Kia will pull out the wraps from the next all-electric model in its range this Thursday when it unveils the new EV9 on Thursday.
The crossover will be about the same size as the South Korean automaker’s popular Telluride, though it’s unclear whether the production version of the Kia EV9 will also be seven-seater.
The November 11 debut comes just before the formal debut of the Hyundai Seven concept at the Los Angeles Auto Show on November 17th. The Seven is expected to return to production as the Ioniq 7, Hyundai’s all-electric counterpart to the Palisade SUV.
The next step in a major launch of electric vehicles for both brands
The two brands compete fiercely in the US and other markets, but are owned by the same parent company, the Hyundai Motor group. And they developed together a platform similar to a skateboard, the E-GMP, which will be used for a wide range of upcoming battery electric vehicles.
In the case of Kia, it promised earlier this year to have 11 fully electric models in production by 2026. For its part, the largest Hyundai brand is aiming for 23 BEVs by 2025.
The rollout for both brands will begin in the coming months. Hyundai will beat its sister on the market with the Ioniq 5 crossover which goes on sale later this year. The Kia EV6. of comparable size will reach US showrooms before mid-2022.
While Hyundai and Kia have worked to further differentiate the design of their products, the EV9 and Ioniq 7 will have similar silhouettes, according to the teasers released by the two brands.
The EV9 will have a much smoother and more vertical front than the knife-edge EV6 crossover. But Kia has made it clear that its all-electric models will adopt a new design language that will largely abandon the “tiger nose” face of its current range.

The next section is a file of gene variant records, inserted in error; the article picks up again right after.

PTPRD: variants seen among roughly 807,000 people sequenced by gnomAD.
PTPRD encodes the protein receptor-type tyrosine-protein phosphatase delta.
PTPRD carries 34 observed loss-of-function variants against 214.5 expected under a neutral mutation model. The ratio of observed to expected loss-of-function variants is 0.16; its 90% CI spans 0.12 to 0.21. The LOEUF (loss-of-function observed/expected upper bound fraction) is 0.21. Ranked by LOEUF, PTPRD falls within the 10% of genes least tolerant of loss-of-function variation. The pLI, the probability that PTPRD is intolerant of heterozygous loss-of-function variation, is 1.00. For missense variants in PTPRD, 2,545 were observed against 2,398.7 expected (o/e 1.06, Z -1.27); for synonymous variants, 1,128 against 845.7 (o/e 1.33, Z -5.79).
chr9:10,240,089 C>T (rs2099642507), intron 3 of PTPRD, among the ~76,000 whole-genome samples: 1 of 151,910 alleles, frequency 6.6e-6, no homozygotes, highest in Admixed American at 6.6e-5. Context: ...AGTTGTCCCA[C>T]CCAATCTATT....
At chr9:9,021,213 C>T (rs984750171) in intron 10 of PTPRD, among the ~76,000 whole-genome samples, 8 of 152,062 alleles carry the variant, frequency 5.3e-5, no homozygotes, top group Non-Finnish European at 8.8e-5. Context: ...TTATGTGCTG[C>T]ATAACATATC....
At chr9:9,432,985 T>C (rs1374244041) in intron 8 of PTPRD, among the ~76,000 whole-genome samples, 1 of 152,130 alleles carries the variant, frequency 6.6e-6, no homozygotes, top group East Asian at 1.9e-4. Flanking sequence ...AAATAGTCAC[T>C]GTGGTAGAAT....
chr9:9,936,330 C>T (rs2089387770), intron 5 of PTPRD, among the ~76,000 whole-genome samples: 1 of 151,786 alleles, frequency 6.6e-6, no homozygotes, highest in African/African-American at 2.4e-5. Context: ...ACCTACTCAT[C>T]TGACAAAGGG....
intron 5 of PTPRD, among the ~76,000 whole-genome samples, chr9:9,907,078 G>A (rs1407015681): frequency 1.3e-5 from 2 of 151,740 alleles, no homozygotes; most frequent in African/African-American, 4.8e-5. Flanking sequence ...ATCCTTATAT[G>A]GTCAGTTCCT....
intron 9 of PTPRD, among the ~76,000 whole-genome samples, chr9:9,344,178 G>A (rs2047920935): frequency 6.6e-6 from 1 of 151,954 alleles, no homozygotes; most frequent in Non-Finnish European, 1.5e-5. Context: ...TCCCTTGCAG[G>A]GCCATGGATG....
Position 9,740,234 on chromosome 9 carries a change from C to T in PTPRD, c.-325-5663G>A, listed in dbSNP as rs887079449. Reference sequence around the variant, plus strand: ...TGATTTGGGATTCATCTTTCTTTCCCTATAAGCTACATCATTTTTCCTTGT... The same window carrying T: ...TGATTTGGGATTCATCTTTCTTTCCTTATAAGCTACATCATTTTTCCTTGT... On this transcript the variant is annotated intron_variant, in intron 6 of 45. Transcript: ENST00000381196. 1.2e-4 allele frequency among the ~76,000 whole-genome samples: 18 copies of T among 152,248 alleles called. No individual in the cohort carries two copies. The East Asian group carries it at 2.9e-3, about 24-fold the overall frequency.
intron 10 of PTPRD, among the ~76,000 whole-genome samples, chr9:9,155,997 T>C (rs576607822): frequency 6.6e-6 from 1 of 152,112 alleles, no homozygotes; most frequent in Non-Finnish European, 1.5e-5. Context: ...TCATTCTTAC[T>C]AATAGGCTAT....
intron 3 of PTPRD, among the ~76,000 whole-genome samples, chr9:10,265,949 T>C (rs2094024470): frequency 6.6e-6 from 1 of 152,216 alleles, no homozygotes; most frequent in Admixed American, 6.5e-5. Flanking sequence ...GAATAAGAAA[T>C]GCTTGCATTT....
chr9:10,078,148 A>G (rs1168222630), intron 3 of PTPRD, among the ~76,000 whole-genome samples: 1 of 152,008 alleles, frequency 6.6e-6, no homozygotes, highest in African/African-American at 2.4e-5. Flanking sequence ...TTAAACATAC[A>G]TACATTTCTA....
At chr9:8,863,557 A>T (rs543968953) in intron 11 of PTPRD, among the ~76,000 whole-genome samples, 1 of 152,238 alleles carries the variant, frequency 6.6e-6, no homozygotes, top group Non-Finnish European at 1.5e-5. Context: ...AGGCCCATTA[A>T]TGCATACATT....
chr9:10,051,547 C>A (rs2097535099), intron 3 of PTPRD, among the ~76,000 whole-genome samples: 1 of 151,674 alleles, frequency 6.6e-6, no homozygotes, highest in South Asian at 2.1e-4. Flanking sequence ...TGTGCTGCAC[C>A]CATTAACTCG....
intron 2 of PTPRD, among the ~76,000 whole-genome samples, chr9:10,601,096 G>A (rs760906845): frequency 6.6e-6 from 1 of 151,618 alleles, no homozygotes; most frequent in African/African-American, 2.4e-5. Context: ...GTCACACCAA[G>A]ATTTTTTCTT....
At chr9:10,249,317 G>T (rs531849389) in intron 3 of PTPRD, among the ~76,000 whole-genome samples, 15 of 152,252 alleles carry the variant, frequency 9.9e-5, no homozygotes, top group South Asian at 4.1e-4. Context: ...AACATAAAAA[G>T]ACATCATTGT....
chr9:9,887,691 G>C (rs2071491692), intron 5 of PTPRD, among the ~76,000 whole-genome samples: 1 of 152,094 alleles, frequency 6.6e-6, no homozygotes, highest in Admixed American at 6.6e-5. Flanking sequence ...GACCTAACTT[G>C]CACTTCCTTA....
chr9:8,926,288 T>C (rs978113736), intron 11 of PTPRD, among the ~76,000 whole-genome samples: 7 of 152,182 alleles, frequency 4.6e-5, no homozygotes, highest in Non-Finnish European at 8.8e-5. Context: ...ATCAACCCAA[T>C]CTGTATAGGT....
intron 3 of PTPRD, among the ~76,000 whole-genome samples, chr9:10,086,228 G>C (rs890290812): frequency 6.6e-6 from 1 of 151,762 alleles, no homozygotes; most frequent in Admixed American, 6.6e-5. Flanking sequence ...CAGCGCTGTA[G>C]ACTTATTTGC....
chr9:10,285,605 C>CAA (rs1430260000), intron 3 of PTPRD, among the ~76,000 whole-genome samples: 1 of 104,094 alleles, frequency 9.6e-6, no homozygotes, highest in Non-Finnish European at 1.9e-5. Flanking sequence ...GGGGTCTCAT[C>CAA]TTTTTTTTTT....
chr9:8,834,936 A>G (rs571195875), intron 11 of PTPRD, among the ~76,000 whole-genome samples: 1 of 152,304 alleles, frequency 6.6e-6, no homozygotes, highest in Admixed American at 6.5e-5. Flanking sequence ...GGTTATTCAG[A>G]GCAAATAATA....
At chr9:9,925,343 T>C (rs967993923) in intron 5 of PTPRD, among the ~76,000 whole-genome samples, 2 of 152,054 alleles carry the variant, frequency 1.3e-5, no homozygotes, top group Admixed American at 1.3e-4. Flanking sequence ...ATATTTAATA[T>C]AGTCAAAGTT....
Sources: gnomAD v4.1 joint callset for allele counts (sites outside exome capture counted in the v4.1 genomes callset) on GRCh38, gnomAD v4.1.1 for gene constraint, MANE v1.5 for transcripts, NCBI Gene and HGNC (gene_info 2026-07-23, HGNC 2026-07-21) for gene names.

As for their cabins, both the Hyundai Ioniq 7 and Kia EV9 will benefit from the benefits provided by the E-GMP platform. With batteries and motors mounted under the cargo decks, they will reuse some of the space traditionally dedicated to the engine compartment, offering even more space for passengers and freight.
They also seem to follow a similar approach in terms of design language. The Hyundai concept coming to Los Angeles will boast a “lounge setting,” the automaker said last week, and Kia could move in the same direction.
How close the concepts will be to production models is uncertain.
When it comes to transmissions, the E-GMP platform offers considerable flexibility. Both crossovers are expected to offer a choice of battery packs, with the larger options offering perhaps 300 miles or more.
They will likely be available in both single and twin engine layouts. The EV6 GT will deliver up to 546 horsepower and 576 Nm of torque. However, it’s unclear whether Kia or Hyundai would go that far with their new big family-oriented BEV crossovers.
Unlike many competitors, Hyundai uses an advanced electrical architecture that uses silicon carbide, rather than traditional silicon power chips. This allows the E-GMP platform to operate at 800, rather than 400 volts. This has numerous benefits, including faster charging times. Both Hyundai Ioniq 5 and Kia EV6 also offer two-way charging. This allows a motorist to draw power from the package in a field or workplace, or if a home is hit by a blackout. This feature is likely to be offered with the EV9 and Ioniq 7 as well.